• Do you believe that the fact that TUSD is unionized hinders the district's ability to function efficiently? I.E., many are protected by seniority whereas new talent is laid off?
  • There is no question that unions have their place in Tucson Unified School District. We all know unions protect worker's rights and are part of American tradition. I believe unions also have an obligation to protect the organization that supports the very workers they represent. So when the Governing Board asks union leadership to contribute to solutions to address the financial deficit that should be viewed as an opportunity. I think over time unions have taken various positions that have helped and hindered our school district. It is fair to say that a collaborative relationship with all employee groups is a key to our district success. We employ almost 9,000 people. We all have to take the responsibility for the welfare of those individuals seriously. If we do and we work at the relationships necessary to arrive at effective decisions we become stronger as a result.
  • Dr. Pedicone, thank you for your wonderful service. I join Becky in voicing the opinion that you gave us - TUSD parents - some hope. Having said this, I am very worried about TUSD's future. I too see a splintered community but the worst problem remains financial. I was on the budget focus groups and joined in recommending that TUSD close 25 schools. We believed this was a necessary first step to address the 15,000 empty seats that are draining the district of resources. We also felt that the failure to move aggressively could lead to a death spiral for the district because it would not be able to move fast enough to address an ongoing loss of students while also working to improve the quality of its education in what is now a highly competitive environment. Do you agree that there must be many more school closures for TUSD to remain a competitive educational choice?
  • I appreciate the question because it speaks to the future of this district. As you point out, the citizen focus groups realized that to support the number of empty seats equivalent to the size of the fourth largest school district in the Tucson valley is to say that keeping those buildings open is more important than providing the opportunities those dollars could represent in terms of improvement for all students in the district. Focus groups suggested that to avoid deep cuts in other areas, which is what we find ourselves facing today, schools should be closed and resources infused into the remaining open schools. I believe this was a wise perspective. However, closing schools is emotional and means citizens in neighborhoods that value their small schools feel under assault and that is understandable but if we don't address the challenge of having too many schools in a budget that is consistently being reduced at the state level we will have to continually confront deficits in the future. So under the current conditions, I am afraid closure will be a topic for future considerations. As you know, we are not alone one needs only look at the national picture to know this is an issue that we must address.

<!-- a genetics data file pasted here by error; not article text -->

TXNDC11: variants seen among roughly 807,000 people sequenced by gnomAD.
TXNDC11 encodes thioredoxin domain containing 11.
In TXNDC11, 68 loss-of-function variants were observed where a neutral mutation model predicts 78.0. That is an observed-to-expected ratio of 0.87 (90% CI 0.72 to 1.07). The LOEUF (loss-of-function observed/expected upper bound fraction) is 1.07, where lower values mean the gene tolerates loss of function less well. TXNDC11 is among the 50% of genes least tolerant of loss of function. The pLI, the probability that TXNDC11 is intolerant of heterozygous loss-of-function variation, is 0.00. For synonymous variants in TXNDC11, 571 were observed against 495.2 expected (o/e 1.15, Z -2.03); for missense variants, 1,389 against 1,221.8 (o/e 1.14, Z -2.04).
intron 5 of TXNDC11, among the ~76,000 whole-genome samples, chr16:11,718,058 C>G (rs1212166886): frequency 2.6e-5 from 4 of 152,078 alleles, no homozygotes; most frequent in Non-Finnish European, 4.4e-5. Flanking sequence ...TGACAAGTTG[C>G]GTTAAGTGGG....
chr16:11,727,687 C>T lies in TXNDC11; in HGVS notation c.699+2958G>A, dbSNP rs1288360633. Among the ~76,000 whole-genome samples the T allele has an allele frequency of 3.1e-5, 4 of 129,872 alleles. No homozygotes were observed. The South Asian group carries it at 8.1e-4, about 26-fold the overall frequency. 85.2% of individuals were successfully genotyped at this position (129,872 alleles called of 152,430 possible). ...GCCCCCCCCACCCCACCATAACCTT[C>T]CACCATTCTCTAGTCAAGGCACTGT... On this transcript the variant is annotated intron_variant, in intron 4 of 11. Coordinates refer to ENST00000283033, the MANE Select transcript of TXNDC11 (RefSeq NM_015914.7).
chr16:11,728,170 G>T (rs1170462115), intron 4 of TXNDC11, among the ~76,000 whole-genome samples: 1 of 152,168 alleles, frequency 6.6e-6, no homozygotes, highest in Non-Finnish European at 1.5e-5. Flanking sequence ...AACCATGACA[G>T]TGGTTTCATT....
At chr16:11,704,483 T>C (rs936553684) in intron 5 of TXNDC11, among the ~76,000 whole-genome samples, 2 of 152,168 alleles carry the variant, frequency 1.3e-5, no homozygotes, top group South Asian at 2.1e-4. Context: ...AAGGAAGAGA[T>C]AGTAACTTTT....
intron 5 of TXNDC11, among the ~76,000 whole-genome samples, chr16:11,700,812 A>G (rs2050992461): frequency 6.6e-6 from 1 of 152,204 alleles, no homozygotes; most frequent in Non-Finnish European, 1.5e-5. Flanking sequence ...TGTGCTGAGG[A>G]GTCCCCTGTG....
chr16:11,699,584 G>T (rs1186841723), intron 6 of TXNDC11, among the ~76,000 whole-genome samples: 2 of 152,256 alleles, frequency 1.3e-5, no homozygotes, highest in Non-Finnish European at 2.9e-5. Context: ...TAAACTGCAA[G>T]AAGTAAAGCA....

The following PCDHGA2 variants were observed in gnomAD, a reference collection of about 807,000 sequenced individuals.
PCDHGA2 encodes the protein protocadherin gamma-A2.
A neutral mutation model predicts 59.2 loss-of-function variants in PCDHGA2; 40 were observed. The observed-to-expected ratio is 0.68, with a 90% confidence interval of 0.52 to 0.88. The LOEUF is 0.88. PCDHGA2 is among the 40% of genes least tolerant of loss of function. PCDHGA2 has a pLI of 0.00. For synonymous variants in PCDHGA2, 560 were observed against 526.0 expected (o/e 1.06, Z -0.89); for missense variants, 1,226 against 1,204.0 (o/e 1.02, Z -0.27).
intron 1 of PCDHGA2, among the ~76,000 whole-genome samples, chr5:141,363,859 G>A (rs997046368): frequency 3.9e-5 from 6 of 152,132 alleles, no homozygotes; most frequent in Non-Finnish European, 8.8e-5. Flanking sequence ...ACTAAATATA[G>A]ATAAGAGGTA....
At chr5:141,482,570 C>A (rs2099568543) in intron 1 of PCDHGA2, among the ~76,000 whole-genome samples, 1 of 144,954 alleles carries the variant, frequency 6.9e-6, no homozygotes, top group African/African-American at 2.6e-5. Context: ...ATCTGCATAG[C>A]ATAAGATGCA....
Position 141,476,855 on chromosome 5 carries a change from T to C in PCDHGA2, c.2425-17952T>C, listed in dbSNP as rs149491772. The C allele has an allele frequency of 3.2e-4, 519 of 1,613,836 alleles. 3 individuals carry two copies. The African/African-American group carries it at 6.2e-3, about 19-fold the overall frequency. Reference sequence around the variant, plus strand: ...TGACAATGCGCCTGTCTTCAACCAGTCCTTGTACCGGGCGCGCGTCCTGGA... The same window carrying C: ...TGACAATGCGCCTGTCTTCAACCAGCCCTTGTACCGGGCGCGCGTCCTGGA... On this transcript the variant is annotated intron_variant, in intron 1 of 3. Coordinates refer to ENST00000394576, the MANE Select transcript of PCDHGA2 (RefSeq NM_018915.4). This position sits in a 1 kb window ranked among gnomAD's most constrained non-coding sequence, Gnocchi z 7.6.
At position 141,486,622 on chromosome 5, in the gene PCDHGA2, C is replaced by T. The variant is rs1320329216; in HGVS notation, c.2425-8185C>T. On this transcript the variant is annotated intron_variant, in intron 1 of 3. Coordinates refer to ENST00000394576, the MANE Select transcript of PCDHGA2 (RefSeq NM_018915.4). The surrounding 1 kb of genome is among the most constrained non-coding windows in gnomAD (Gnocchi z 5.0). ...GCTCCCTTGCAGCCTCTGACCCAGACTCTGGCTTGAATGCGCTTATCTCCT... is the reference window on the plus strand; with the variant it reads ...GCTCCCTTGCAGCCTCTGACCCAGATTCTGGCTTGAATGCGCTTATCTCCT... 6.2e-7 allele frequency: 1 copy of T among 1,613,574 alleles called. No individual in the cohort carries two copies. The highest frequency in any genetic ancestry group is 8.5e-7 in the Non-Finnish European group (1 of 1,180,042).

• One other issue that has persistently arisen during my time on the focus groups and on my local school's site council is the belief that TUSD remains extremely overstaffed at its headquarters. Every time I heard this I would challenge the speaker to present some evidence of this claim. Yet even in the absence of such evidence, this belief remains pervasive and, indeed, played a substantial role in the focus group's choices regarding values and where to cut the budget. I believe you are highly respected and retain great credibility. Can you address once and for all the issue of TUSD's HQ staffing? I know one board member suggested that your staff is so slim that it impeded the possibility of closing more schools. Again, thank you.
  • It is difficult to defend criticisms about high administrative costs because most people do not understand how the Auditor General defines Administration. If you read the report, instructional budgets are compared to non-instructional budgets and most people assume non-instructional means administration and they relate that to administrators at 1010. The fact of the matter is that non-instructional means anything other than teachers and people who directly interact in the classroom with students. That means non-intstructional/administration refers to counselors, librarians, nurses, psychologists, and the list of student support personnel goes on. It also has a direct relationship with the number of schools open in our district because every school that remains open that could be closed represents administrative costs for a principal, a custodian, an office manager, as well as student support personnel that could be reduced to support consolidated schools. In fact, TUSD spends more dollars per student in the classroom than all of its peer districts and most districts in Arizona. In addition, we do spend a high percentage of our revenue on student and instructional support. That is because we get a significant amount of federal funding to address the increased needs of our students in poverty, our English Language Learners, and our exceptional education students, that are greater in number than most districts. So it is untrue to state that the non-instructional budget line refers to the number of people at 1010 rather it reflects a district that serves students who deserve additional resources outside of the classroom, while at the same time spending more actual dollars on students in the classroom than other districts in the state.
  • Once again, thank you for the opportunity to provide this perspective and for your ongoing support of Tucson Unified, our city's school district.
  • The Star thanks TUSD Superintendent John Pedicone for participating in today's live chat. Thanks also go out to you, the audience, for your thoughtful questions.